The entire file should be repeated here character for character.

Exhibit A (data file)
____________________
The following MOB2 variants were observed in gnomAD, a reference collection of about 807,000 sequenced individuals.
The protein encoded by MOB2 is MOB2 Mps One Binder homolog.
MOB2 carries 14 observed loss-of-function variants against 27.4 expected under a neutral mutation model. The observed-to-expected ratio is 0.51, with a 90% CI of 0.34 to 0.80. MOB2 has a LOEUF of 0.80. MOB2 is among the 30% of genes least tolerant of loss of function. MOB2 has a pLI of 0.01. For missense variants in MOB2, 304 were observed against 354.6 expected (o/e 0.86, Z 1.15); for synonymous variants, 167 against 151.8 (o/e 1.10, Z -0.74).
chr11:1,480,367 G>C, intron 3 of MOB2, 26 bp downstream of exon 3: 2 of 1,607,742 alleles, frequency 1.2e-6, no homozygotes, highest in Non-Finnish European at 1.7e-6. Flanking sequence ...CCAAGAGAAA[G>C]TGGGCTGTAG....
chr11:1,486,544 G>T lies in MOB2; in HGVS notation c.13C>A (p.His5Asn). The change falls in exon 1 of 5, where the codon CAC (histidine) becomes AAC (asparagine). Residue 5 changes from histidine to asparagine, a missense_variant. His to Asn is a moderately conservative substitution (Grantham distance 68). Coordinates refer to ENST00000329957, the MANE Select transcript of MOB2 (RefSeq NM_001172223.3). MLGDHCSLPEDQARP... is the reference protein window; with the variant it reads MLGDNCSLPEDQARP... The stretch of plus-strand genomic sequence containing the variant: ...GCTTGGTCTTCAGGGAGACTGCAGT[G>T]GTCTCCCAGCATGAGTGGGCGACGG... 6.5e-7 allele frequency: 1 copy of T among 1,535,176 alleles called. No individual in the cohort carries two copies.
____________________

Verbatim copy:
The following MOB2 variants were observed in gnomAD, a reference collection of about 807,000 sequenced individuals.
The protein encoded by MOB2 is MOB2 Mps One Binder homolog.
MOB2 carries 14 observed loss-of-function variants against 27.4 expected under a neutral mutation model. The observed-to-expected ratio is 0.51, with a 90% CI of 0.34 to 0.80. MOB2 has a LOEUF of 0.80. MOB2 is among the 30% of genes least tolerant of loss of function. MOB2 has a pLI of 0.01. For missense variants in MOB2, 304 were observed against 354.6 expected (o/e 0.86, Z 1.15); for synonymous variants, 167 against 151.8 (o/e 1.10, Z -0.74).
chr11:1,480,367 G>C, intron 3 of MOB2, 26 bp downstream of exon 3: 2 of 1,607,742 alleles, frequency 1.2e-6, no homozygotes, highest in Non-Finnish European at 1.7e-6. Flanking sequence ...CCAAGAGAAA[G>C]TGGGCTGTAG....
chr11:1,486,544 G>T lies in MOB2; in HGVS notation c.13C>A (p.His5Asn). The change falls in exon 1 of 5, where the codon CAC (histidine) becomes AAC (asparagine). Residue 5 changes from histidine to asparagine, a missense_variant. His to Asn is a moderately conservative substitution (Grantham distance 68). Coordinates refer to ENST00000329957, the MANE Select transcript of MOB2 (RefSeq NM_001172223.3). MLGDHCSLPEDQARP... is the reference protein window; with the variant it reads MLGDNCSLPEDQARP... The stretch of plus-strand genomic sequence containing the variant: ...GCTTGGTCTTCAGGGAGACTGCAGT[G>T]GTCTCCCAGCATGAGTGGGCGACGG... 6.5e-7 allele frequency: 1 copy of T among 1,535,176 alleles called. No individual in the cohort carries two copies.